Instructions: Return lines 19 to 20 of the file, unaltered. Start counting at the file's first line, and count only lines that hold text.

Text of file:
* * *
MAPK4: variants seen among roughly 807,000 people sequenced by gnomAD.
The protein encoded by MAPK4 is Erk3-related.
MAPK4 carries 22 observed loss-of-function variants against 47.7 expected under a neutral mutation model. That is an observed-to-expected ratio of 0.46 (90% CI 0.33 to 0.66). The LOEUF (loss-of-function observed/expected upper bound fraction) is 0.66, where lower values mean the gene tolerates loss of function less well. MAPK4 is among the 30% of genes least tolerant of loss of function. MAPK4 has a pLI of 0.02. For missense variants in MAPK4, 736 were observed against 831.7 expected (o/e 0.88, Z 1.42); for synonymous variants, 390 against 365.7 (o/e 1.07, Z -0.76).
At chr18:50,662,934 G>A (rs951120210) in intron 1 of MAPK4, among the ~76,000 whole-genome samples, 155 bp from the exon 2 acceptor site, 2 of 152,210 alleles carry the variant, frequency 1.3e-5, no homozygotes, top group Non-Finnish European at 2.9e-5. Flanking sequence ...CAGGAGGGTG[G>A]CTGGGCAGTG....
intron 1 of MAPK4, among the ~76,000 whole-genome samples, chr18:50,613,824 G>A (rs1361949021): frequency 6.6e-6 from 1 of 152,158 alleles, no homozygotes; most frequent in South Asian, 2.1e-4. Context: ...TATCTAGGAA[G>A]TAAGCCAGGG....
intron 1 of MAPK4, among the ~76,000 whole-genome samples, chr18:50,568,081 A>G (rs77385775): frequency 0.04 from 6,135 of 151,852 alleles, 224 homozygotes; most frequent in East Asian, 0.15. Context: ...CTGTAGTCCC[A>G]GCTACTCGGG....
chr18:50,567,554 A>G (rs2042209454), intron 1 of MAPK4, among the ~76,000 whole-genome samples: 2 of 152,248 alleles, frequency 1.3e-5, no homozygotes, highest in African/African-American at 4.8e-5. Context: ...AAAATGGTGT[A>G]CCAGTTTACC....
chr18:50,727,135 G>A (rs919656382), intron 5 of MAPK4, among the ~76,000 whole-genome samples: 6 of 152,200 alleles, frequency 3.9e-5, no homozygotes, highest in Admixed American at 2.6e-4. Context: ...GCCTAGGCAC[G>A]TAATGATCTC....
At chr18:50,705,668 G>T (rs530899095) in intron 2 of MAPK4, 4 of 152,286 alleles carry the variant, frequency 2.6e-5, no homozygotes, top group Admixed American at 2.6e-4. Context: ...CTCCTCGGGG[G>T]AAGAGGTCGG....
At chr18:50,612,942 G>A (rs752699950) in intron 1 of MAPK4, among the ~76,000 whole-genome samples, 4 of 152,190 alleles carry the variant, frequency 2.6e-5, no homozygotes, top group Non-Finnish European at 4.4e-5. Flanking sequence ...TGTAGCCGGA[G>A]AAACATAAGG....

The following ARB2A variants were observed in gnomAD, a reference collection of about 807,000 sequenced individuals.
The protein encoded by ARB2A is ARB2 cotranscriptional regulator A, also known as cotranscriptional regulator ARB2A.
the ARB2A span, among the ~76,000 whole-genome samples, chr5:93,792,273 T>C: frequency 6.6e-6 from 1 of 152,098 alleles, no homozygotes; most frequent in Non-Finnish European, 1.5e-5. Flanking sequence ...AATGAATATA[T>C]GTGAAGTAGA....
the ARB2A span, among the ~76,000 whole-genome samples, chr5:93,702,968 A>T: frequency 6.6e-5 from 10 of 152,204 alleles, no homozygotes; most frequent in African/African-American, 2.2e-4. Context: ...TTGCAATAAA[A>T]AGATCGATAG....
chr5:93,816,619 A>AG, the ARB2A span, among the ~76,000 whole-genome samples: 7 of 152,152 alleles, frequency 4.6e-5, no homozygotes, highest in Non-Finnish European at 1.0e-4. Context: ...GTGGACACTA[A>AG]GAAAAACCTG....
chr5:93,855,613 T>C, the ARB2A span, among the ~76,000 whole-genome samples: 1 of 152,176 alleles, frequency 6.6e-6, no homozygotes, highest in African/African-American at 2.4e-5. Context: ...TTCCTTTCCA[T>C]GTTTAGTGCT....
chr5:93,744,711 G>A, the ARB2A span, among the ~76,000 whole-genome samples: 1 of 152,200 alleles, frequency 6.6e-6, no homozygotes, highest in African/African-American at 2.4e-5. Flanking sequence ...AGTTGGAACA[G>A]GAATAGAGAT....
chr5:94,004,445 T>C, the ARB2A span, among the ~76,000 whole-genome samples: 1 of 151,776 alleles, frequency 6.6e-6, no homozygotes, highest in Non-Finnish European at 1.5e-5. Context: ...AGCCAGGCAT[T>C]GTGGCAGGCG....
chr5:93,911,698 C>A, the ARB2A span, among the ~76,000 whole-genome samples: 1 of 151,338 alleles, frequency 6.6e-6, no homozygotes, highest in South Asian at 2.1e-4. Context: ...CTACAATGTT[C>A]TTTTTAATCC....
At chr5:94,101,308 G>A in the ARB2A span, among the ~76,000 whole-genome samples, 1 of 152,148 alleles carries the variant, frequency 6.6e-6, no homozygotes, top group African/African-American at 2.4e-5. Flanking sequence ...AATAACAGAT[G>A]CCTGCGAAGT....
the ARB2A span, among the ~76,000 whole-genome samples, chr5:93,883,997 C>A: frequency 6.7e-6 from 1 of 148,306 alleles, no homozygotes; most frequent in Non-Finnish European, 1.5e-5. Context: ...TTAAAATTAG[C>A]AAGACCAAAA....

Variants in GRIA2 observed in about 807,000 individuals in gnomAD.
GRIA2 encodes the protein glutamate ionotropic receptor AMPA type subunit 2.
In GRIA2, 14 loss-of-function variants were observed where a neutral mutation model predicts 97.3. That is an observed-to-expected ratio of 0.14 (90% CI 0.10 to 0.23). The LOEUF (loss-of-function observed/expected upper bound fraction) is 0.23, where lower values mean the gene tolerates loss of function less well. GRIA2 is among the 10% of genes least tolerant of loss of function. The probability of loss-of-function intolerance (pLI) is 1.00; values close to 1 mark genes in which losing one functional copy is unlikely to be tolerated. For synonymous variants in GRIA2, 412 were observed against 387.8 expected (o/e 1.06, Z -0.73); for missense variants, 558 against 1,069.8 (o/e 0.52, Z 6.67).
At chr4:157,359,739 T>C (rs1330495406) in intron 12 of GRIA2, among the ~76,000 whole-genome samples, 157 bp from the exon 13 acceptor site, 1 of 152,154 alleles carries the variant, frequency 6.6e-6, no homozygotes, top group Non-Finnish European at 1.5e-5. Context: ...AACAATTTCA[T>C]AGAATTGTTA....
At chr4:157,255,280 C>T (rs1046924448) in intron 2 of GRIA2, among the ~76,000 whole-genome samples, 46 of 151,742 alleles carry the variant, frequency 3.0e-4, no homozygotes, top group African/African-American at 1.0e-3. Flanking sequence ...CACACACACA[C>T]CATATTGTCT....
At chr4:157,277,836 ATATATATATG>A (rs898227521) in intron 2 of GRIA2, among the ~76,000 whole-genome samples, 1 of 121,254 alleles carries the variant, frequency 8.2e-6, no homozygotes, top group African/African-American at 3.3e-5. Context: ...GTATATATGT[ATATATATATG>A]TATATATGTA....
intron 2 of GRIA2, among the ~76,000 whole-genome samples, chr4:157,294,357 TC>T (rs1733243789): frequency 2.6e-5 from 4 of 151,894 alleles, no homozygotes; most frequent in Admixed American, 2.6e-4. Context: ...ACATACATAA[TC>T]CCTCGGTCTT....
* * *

chr5:93,911,698 C>A, the ARB2A span, among the ~76,000 whole-genome samples: 1 of 151,338 alleles, frequency 6.6e-6, no homozygotes, highest in South Asian at 2.1e-4. Context: ...CTACAATGTT[C>A]TTTTTAATCC....
At chr5:94,101,308 G>A in the ARB2A span, among the ~76,000 whole-genome samples, 1 of 152,148 alleles carries the variant, frequency 6.6e-6, no homozygotes, top group African/African-American at 2.4e-5. Flanking sequence ...AATAACAGAT[G>A]CCTGCGAAGT....